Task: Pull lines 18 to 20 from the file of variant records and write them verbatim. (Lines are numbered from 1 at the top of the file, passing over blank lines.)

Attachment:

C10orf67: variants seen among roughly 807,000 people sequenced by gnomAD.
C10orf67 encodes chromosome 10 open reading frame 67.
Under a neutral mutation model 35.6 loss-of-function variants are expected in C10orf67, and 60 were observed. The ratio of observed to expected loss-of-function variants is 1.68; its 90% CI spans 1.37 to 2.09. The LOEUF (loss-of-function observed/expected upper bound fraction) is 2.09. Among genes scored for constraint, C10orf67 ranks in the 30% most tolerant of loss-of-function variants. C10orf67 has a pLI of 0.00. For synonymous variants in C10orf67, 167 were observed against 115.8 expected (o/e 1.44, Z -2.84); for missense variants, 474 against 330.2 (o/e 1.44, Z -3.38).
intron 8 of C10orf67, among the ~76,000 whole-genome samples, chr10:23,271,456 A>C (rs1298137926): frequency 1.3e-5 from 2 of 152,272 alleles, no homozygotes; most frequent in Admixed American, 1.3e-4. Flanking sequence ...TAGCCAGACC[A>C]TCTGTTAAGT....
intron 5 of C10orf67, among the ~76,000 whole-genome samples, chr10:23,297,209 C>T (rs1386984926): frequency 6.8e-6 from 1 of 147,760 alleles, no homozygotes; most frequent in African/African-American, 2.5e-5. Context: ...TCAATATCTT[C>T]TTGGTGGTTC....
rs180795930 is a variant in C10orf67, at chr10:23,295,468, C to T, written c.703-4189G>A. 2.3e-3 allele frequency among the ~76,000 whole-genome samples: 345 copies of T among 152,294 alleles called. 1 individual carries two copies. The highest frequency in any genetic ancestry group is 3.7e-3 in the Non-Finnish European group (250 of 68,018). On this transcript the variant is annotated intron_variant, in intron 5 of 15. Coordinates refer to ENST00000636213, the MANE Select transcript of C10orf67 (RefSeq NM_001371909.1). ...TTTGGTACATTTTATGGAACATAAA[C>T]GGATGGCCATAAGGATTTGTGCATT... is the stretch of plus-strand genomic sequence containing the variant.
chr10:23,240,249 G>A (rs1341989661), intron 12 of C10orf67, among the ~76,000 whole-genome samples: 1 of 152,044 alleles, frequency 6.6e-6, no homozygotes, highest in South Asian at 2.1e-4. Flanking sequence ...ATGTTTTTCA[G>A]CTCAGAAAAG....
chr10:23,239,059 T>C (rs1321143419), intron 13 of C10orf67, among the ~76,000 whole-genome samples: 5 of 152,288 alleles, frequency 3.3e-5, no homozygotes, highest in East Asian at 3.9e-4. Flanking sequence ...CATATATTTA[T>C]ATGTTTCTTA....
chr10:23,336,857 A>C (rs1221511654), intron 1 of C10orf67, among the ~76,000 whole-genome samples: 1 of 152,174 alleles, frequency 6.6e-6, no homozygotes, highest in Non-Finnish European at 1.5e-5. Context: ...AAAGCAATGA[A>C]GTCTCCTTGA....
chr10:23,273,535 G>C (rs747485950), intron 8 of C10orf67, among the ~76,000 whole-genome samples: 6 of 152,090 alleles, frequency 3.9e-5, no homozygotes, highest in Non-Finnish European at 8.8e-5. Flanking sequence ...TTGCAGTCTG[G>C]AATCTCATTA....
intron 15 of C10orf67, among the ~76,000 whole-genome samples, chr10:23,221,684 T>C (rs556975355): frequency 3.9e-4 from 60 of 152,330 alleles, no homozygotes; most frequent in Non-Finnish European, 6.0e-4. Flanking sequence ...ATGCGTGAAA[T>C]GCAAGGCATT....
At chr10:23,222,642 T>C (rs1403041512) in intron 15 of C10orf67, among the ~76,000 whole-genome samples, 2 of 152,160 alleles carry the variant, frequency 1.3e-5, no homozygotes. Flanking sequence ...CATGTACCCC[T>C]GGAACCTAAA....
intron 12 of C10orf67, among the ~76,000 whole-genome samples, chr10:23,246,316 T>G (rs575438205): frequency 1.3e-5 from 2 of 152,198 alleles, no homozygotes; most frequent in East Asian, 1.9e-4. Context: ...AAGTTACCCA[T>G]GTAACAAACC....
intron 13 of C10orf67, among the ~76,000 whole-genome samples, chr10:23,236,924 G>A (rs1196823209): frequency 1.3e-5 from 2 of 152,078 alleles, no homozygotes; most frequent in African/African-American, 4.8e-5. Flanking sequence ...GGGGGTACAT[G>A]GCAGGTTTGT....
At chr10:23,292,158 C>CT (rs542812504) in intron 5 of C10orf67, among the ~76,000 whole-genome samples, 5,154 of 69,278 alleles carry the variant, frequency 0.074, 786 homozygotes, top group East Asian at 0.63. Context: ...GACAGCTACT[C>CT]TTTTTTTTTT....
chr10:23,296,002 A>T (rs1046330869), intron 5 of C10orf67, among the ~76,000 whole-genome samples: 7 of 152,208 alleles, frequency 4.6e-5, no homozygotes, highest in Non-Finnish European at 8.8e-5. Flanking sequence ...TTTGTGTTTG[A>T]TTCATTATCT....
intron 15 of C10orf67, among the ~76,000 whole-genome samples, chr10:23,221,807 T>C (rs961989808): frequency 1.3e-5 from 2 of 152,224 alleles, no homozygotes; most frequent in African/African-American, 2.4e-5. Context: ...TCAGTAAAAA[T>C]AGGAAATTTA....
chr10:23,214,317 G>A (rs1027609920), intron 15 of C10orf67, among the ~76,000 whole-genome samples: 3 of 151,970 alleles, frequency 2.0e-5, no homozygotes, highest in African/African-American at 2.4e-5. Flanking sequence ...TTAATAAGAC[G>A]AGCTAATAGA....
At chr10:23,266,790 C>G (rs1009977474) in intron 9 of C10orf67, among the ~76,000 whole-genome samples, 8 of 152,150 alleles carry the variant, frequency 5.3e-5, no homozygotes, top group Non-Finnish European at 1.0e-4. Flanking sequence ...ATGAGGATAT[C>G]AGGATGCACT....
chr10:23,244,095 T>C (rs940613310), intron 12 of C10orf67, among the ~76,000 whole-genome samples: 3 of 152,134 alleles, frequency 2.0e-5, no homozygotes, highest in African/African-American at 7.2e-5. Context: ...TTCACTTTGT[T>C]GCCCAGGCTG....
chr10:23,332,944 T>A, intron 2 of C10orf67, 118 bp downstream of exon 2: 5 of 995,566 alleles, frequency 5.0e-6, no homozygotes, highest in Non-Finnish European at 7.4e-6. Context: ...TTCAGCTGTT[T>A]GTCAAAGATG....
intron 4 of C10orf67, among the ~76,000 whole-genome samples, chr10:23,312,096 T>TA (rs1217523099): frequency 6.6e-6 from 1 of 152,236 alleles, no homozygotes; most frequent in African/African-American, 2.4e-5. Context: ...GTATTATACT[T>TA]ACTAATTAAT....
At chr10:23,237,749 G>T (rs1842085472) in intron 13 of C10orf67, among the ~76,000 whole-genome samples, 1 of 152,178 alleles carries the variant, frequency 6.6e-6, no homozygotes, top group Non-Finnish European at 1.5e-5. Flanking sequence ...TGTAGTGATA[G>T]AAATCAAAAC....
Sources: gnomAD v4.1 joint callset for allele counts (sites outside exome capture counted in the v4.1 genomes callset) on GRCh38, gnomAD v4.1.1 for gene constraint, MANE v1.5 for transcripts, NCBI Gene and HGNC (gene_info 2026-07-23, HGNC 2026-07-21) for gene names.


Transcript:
chr10:23,214,317 G>A (rs1027609920), intron 15 of C10orf67, among the ~76,000 whole-genome samples: 3 of 151,970 alleles, frequency 2.0e-5, no homozygotes, highest in African/African-American at 2.4e-5. Flanking sequence ...TTAATAAGAC[G>A]AGCTAATAGA....
At chr10:23,266,790 C>G (rs1009977474) in intron 9 of C10orf67, among the ~76,000 whole-genome samples, 8 of 152,150 alleles carry the variant, frequency 5.3e-5, no homozygotes, top group Non-Finnish European at 1.0e-4. Flanking sequence ...ATGAGGATAT[C>G]AGGATGCACT....
chr10:23,244,095 T>C (rs940613310), intron 12 of C10orf67, among the ~76,000 whole-genome samples: 3 of 152,134 alleles, frequency 2.0e-5, no homozygotes, highest in African/African-American at 7.2e-5. Context: ...TTCACTTTGT[T>C]GCCCAGGCTG....